Tip 2. Use or start a toy library, or a tool library. The Northeast Minneapolis Tool Library and the Minneapolis Toy Library lend tools and toys the way traditional libraries lend books. So simple and powerful. These can be small and simple – with just a few members in your neighborhood, or larger and more ambitious.

My first step in 2017? I hate remodeling, but my bathroom needs fixing. I’m resolving to explore the great building and architectural salvage businesses around the Twin Cities to find the fixtures, cabinets, and hardware I need.

Which tip will you start with?

Community events and resources

Where Do We Go From Here? The science, policy and politics of addressing and adapting to global-scale environmental change. Wednesday, February 1, 2017, 6 p.m. to 8:30 p.m. Camp Bar, St. Paul , MN. Everything has an impact on the environment. Climate change is top of mind for many, but our carbon dioxide emissions are only the beginning of the story. The ecological outcomes of our activities take myriad forms and have far reaching implications. Join us for a wide-ranging discussion about the science, politics and policy driving our complex relationship with our planet’s systems. Sponsored by U of M College of Biological Sciences. Part of the Petri Dish series, which explores how biology affects our lives and what it means for our future. For information or to register:

Wild Ones 2017 Design With Nature Conference—Planting Matters. February 18, 2017. Anderson Student Center, University of St. Thomas, St. Paul Campus. Sixteenth annual Native Plant conference hosted by Wild Ones chapters in greater Twin Cities Metro, featuring keynote speaker Douglas Tallamy, author of Bringing Nature Home. Register here.

ReUSE Minnesota and the Minneapolis Home & Remodeling show offer Upcycle Challenge

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ReUSE MN has been getting ready to work at the Minneapolis Home and Remodeling Show at US Bank Stadium January 27-29th.ReUSE MN members Empty the Nest and the University of Minnesota Reuse Center have donated chairs for artists to reimagine for the show’s Upcycle Challenge.Other members, including Better Futures Minnesota, will be at the show managing the Upcycle Challenge auction of the chairs for the benefit of ReUSE MN.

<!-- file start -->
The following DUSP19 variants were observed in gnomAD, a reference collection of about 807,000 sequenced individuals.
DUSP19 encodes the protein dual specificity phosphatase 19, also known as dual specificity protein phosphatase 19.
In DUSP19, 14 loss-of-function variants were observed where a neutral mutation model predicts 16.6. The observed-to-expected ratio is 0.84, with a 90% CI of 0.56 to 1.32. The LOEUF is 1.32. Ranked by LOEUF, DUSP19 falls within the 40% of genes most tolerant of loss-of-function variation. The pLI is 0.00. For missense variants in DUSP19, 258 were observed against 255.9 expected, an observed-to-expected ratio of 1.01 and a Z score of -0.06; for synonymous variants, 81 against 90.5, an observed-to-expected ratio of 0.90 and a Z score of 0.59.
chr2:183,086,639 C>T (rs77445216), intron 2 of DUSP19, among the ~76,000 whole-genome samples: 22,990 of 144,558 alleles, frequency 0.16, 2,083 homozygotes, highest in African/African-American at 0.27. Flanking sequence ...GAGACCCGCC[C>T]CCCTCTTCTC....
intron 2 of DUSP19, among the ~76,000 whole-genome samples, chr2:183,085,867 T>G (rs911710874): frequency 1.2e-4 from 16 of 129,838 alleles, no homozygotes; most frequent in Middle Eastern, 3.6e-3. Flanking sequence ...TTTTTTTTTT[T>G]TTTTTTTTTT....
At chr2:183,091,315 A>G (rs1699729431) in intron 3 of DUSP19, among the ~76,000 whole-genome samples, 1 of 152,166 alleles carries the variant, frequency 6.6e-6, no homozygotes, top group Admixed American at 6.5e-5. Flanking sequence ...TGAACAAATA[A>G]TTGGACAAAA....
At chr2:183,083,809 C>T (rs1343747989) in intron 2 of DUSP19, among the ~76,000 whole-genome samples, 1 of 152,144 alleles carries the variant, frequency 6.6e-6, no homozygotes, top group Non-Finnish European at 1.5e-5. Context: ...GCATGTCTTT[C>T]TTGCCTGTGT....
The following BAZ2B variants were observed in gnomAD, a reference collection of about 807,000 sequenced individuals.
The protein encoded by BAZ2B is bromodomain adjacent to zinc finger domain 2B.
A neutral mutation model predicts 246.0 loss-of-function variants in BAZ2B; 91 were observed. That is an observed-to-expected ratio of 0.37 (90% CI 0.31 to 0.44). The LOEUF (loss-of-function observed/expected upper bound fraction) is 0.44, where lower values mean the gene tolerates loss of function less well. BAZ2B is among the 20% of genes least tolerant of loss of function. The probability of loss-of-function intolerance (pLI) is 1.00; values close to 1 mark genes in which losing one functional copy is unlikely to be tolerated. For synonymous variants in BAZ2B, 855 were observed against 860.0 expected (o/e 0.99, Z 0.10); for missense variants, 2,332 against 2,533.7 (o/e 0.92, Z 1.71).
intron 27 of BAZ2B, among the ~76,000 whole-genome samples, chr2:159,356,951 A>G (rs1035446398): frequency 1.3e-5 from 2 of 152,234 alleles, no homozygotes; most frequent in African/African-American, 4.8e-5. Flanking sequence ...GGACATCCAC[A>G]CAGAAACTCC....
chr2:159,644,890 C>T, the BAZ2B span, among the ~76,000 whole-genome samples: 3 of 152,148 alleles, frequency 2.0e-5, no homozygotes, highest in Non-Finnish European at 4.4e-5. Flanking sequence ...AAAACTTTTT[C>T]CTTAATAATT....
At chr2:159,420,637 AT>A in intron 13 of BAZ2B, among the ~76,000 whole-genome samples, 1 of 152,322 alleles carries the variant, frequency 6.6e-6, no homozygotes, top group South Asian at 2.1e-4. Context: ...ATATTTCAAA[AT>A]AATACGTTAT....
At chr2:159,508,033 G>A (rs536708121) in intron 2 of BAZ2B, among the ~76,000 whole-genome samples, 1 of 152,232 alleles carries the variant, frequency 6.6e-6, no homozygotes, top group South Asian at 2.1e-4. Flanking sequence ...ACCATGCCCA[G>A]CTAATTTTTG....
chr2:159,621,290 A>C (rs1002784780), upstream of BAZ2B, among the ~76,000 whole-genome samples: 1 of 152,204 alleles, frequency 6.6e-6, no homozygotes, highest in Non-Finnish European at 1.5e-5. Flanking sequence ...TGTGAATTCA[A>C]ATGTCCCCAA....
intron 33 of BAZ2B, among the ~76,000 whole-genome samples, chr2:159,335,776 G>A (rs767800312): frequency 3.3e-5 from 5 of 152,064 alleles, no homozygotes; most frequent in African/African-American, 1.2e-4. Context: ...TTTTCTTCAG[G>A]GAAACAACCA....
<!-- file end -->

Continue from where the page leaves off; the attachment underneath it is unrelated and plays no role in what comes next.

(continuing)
Local vintage shop Upsy Daisy created a Prince themed chair for attendees to bid on!

This is the first year that remodeling is part of the show’s mission and we’re excited to promote reuse for major home projects. See below for a blog entry we’re re-posting from the Better Futures. It describes how “deconstruction” and reuse are better options than demolition and material recycling.

Across Minnesota, older homes and barns are being demolished to make way for new buildings or farmland. When buildings are demolished, harmful chemicals and pollutants—like lead and asbestos—are released in the air. In addition, when buildings such as old barns are burned, the old-growth wood is not only wasted, but it produces noxious smoke that’s harmful to human and environmental health.

Recently, the Minnesota Pollution Control Agency has been trying to educate the public about the growing issue of demolishing and burning buildings. The organization suggests that demolished building materials, such as concrete and wood, be turned over to specially permitted facilities for proper disposal.

Yet a better solution is gaining steam across the country: deconstruction and reuse. Many buildings, especially those built before 1978, contain harmful lead and asbestos. Deconstruction carefully removes all building materials for safe recycling and reuse–greatly reducing the amount of waste in the landfills and avoiding hazardous plumes of lead and asbestos that occur from typical demolition. In addition, deconstruction supports public health by reducing the additional greenhouse-gas emissions that come from adding to the landfill.

On average, construction and demolition materials account for a quarter of the waste in all landfills. In Minnesota, more than 80 percent of the 1.6 million tons of construction and demolition waste was landfilled in 2013. According to the EPA, for each ton of construction and demolition waste (2,000 pounds) that goes into a landfill, 2.79 metric tons of carbon dioxide equivalent greenhouse gases, including methane and CO2, are released into the atmosphere.

Through deconstruction with a specially trained crew, as much as 90 percent of of this waste can be recycled or reused, and sold below retail cost in places like Better Futures Minnesota’s ReUse Warehouse.

Additional tips for reusing building materials during a remodeling project can be found below!

From the Northeast Recycling Council:

From House Logic:

From Planet Reuse:

And from the ReUSE MN Pinterest page:

REUSE Minnesota Connects Businesses On The Western Side of the State

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The goal of the meet up was to connect re-use and re-pair businesses around the state.

Reusing items can reduce pollution, reduce greenhouse gasses, and save energy and water.

Two businesses connected at Thursday's meeting.

"When they know someone's got something, they can direct it to the right thrift store outlet, so they can do a lot of cross promotion of their businesses," said Madalyn Cioci, MN Pollution Control Agency.

ReUse Minnesota does not have another meeting planned for the area.

Watch the video here:



ReUSE Minnesota and the Minneapolis Home & Remodeling show offer Upcycle Challenge

ReUSE MN has been getting ready to work at the Minneapolis…

REUSE Minnesota Connects Businesses On The Western Side of the State

The goal of the meet up was to connect re-use and re-pair…